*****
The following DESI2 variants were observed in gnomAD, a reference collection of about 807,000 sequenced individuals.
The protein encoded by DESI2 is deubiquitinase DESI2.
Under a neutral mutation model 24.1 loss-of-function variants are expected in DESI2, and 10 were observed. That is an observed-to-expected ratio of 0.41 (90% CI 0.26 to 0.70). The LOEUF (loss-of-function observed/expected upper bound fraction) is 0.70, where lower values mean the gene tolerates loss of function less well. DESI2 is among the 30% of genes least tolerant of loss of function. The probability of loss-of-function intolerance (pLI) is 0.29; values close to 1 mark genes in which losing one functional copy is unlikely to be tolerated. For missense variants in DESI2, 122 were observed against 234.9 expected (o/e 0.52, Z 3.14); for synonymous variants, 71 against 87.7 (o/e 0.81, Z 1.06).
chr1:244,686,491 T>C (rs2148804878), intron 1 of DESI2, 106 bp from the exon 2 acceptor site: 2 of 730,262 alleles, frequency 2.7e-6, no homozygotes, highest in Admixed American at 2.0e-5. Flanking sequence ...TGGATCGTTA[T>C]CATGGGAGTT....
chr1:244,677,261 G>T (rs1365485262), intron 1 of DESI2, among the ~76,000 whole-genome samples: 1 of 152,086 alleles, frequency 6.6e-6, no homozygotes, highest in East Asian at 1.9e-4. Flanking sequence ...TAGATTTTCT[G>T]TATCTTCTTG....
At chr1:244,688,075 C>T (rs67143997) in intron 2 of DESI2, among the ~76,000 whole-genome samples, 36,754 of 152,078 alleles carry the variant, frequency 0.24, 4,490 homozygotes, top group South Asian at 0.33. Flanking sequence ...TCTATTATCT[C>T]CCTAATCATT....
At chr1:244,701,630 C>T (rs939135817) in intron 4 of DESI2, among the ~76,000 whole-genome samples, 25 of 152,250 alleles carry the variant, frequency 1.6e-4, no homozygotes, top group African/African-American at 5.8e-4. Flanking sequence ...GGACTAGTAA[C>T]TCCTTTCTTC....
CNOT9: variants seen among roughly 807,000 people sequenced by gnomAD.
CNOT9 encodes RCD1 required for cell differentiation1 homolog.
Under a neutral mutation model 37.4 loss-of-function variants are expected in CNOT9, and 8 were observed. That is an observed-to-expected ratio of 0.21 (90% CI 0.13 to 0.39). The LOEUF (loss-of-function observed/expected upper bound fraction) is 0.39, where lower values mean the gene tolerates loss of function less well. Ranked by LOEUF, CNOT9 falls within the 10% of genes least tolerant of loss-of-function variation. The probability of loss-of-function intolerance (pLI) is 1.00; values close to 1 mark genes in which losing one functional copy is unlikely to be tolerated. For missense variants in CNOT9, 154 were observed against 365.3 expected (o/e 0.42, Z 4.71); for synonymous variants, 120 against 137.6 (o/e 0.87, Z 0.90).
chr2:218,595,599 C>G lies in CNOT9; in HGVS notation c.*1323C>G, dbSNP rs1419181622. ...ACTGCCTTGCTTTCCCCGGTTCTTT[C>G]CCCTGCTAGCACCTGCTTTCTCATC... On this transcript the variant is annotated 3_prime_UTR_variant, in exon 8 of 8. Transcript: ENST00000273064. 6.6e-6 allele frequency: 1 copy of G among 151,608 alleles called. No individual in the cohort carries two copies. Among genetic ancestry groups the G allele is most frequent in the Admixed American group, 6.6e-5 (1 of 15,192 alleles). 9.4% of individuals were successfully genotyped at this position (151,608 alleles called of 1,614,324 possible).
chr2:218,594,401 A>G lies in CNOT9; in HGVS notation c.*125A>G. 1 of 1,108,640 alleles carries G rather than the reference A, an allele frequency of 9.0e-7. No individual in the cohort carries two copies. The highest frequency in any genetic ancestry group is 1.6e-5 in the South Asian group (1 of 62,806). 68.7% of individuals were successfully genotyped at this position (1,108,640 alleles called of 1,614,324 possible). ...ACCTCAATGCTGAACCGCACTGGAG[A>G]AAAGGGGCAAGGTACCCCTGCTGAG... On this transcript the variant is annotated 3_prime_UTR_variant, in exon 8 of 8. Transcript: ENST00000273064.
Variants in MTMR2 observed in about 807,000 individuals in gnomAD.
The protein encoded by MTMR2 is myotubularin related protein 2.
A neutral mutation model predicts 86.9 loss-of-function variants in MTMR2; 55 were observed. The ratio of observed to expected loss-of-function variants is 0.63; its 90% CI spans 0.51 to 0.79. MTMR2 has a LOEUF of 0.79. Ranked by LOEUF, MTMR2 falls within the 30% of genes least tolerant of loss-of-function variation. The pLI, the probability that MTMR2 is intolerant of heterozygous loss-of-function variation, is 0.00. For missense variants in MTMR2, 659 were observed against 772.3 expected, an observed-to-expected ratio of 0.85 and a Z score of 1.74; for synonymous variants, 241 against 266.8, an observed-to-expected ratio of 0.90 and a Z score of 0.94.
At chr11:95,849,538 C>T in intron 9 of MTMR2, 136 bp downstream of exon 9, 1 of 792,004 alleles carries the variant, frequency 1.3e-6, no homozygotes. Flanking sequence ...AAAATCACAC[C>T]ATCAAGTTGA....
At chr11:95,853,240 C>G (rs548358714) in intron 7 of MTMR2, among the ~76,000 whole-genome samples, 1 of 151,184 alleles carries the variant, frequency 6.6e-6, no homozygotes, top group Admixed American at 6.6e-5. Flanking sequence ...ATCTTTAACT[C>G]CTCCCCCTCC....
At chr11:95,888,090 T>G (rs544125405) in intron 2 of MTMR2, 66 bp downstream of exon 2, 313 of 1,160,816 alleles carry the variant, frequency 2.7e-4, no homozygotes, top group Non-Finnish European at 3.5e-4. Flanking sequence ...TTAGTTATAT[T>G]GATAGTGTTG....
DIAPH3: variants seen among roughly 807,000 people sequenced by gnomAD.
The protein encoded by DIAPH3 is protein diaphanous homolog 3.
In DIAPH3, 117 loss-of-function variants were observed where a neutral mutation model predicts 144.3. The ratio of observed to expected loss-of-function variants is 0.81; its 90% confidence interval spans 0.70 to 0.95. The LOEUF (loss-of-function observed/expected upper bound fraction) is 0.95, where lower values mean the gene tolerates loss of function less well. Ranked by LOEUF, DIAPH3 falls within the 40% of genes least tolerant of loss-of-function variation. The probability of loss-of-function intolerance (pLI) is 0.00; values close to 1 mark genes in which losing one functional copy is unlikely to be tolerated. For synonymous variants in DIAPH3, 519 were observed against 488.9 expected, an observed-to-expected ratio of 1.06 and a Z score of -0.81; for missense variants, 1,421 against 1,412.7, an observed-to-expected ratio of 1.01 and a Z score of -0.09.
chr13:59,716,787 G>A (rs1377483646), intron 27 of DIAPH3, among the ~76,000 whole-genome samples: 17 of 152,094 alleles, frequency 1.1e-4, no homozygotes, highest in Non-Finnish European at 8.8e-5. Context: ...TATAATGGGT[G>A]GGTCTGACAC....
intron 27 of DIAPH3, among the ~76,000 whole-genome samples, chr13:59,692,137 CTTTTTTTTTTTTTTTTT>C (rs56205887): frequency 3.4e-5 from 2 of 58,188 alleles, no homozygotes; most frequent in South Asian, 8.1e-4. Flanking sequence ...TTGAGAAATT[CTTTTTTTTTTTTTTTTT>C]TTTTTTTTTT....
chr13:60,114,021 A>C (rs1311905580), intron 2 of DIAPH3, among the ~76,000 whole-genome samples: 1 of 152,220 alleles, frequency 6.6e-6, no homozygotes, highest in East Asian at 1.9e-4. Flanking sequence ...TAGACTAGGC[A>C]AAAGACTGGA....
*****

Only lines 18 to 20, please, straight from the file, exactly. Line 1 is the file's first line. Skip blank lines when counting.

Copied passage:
At chr11:95,888,090 T>G (rs544125405) in intron 2 of MTMR2, 66 bp downstream of exon 2, 313 of 1,160,816 alleles carry the variant, frequency 2.7e-4, no homozygotes, top group Non-Finnish European at 3.5e-4. Flanking sequence ...TTAGTTATAT[T>G]GATAGTGTTG....
DIAPH3: variants seen among roughly 807,000 people sequenced by gnomAD.
The protein encoded by DIAPH3 is protein diaphanous homolog 3.